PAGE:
The following books are available at:
Clovis-Carver Public Library
“Women Doctors in War” by Judith Bellafaire was given by Chapter G, PEO in memory of Ginny Haynes.
This book draws on the personal stories of individual military physicians and their medical careers, aspirations, and struggles to illustrate the unique professional and personal challenges that women doctors have faced from the Civil War to the present day.
“The Changing Face of Medicine: Women Doctors and the Evolution of Health Care in America” by Ann Boulis was given by Dr. and Mrs. Gene Walker in memory of Ginny Haynes.
This compelling mix of hard data and personal anecdote provides a clear and comprehensive analysis of how women as physicians maintain the delicate balance between work and family, how they shape the practice of medicine, and in turn, how the practice of medicine shapes these women.
“Hush My Mouth: A Southern Fried Mystery” by Cathy Pickens was given by Helen Casaus in memory of Dorothy Merrell.
An original blend of murder and mayhem served up with eccentric South Carolina charm explores the nature of family – the ones we are born into and the ones we find – as Avery Andrews searches for a friend who disappeared while investigating an unsolved murder.
“Can’t Never Tell by Cathy Pickens was given” by El Desayuno Kiwanis in memory of Dorothy Merrell.
Lawyer Avery Andrews follows the money to piece together the discovery of a skeleton inside a mannequin, a faculty wife who mysteriously disappears over a waterfall, a very cold case, and a very cold-blooded murder.
How to Start a Home-based Housecleaning Business by Laura Jorstad walks you through the steps to organize your business, get clients and referrals, set rates and services, understand customer needs, bill and renew contracts, and offer “green” cleaning options.
Portales Public Library
“Finder’s Keepers” By Craig Childs. As a relic hunter, Craig Childs for decades has traveled the world searching for precious belongings that people cared for and then hid away.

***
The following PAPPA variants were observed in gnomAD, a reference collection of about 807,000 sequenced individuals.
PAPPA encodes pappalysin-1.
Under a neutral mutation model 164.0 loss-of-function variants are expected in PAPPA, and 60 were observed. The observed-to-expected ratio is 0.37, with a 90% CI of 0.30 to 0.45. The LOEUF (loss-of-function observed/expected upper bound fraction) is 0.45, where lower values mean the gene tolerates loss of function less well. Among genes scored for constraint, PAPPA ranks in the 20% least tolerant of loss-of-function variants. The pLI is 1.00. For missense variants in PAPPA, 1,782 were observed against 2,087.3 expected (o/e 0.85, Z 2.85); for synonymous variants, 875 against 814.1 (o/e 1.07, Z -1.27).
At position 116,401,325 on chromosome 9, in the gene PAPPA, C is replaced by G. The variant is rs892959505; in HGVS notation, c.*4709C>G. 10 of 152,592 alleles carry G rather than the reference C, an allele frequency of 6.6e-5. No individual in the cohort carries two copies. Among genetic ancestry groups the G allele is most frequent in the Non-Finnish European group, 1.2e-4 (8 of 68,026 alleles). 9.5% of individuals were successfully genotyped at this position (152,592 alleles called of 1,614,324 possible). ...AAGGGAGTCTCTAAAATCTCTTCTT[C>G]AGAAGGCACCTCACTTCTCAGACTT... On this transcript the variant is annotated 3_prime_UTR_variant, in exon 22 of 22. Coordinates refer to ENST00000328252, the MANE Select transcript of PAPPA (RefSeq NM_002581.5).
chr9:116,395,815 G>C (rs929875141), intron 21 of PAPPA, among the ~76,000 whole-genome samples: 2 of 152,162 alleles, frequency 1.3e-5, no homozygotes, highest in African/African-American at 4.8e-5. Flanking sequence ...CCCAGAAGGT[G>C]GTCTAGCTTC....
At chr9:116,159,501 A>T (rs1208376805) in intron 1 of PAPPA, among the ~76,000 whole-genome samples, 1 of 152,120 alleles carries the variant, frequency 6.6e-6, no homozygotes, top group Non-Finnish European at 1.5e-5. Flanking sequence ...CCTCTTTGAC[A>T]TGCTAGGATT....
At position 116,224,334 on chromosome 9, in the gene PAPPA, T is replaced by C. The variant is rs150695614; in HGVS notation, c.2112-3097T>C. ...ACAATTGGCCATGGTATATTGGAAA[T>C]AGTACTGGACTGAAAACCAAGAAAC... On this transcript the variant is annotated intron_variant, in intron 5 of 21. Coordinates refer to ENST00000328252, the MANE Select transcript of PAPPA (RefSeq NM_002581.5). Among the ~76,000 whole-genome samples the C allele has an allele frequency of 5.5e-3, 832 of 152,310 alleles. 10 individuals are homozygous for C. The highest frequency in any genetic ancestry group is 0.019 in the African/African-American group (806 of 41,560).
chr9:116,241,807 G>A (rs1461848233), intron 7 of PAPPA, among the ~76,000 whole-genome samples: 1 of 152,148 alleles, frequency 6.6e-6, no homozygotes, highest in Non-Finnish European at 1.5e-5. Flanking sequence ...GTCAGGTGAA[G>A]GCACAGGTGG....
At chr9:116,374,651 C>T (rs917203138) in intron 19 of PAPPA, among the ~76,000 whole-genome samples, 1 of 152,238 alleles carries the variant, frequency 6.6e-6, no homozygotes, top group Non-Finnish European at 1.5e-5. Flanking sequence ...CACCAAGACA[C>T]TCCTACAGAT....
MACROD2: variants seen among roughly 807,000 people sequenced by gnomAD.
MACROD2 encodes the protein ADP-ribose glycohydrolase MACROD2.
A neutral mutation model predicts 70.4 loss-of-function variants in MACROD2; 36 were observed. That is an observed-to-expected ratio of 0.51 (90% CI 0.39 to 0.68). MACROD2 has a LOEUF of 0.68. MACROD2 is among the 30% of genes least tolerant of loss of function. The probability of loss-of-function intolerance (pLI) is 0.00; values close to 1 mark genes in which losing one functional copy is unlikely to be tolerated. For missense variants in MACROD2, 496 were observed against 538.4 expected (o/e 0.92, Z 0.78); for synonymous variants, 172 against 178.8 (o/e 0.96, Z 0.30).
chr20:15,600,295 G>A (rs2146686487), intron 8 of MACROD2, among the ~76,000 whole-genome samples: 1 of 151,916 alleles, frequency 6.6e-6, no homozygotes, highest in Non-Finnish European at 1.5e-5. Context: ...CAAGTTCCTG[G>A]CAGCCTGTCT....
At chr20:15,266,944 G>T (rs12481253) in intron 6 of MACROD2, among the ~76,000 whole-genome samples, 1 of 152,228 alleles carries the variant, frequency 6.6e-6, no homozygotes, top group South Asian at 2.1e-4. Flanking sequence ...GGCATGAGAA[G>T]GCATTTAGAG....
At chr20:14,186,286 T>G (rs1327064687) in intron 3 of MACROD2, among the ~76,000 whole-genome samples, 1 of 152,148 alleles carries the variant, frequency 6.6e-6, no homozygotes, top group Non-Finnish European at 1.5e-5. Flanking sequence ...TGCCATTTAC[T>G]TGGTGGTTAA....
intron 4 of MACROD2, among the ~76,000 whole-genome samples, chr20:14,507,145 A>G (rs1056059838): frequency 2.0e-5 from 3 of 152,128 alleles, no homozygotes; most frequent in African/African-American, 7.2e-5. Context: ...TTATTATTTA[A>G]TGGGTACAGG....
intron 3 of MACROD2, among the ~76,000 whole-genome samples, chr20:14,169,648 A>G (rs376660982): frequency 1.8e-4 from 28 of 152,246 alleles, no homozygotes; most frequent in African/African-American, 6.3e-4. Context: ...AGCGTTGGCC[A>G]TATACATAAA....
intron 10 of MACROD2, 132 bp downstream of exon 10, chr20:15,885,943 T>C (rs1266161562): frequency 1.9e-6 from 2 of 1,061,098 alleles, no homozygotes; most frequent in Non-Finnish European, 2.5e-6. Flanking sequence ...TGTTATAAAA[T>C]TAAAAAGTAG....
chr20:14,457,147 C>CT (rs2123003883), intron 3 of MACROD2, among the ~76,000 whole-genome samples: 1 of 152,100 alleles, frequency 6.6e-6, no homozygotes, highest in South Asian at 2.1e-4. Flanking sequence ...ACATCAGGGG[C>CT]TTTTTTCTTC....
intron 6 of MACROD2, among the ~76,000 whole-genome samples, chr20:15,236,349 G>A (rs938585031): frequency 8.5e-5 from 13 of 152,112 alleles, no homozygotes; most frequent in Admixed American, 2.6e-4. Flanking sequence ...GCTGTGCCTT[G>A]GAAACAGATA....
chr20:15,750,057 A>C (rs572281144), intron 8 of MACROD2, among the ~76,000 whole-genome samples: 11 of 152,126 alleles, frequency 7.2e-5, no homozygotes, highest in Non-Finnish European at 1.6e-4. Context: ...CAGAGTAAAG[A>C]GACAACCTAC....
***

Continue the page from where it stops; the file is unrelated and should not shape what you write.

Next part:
In Finders Keepers, he takes us on a bold journey from the Southwest desert canyons to galleries on Fifth Avenue as he risks his life and freedom to find and preserve artifacts that hold the secrets of past civilizations.
Difficult questions lie at the heart of Child’s adventures: To whom does the past belong? Is a person a thief that steals a relic from a museum and returns it to the ruin from which it came? Just beneath the dusty surface of what most people imagine to be the staid field of archaeology, a vibrant and passionate controversy rages around these issues.
Childs investigates thieves, scientists, and contested land claims as he explores the field’s transgressions against the cultures and objects it endeavors to preserve and study.
“Wounded Warrior Handbook: A Resource Guide for Returning Veterans” By Don Philpott and Janelle Hill. Following an active-duty injury, the typical wounded soldier must complete and file 22 forms.
Figuring out what to do next and even completing tasks as seemingly easy as submitting paperwork can be overwhelming and confusing to many soldiers and their families.
The Wounded Warrior Handbook provides our injured heroes and their families with straightforward, quick answers to the questions they suddenly face and guides them through the deluge of procedures, processes, and policies they must adhere to in order to receive the care they deserve and need.
This handbook compiles information regarding medical treatment, rehabilitation, counseling, support, and transition.
The Wounded Warrior Handbook is a time-saving and life-restoring resource that helps our embattled men and women make the transition from active duty to postwar domestic life.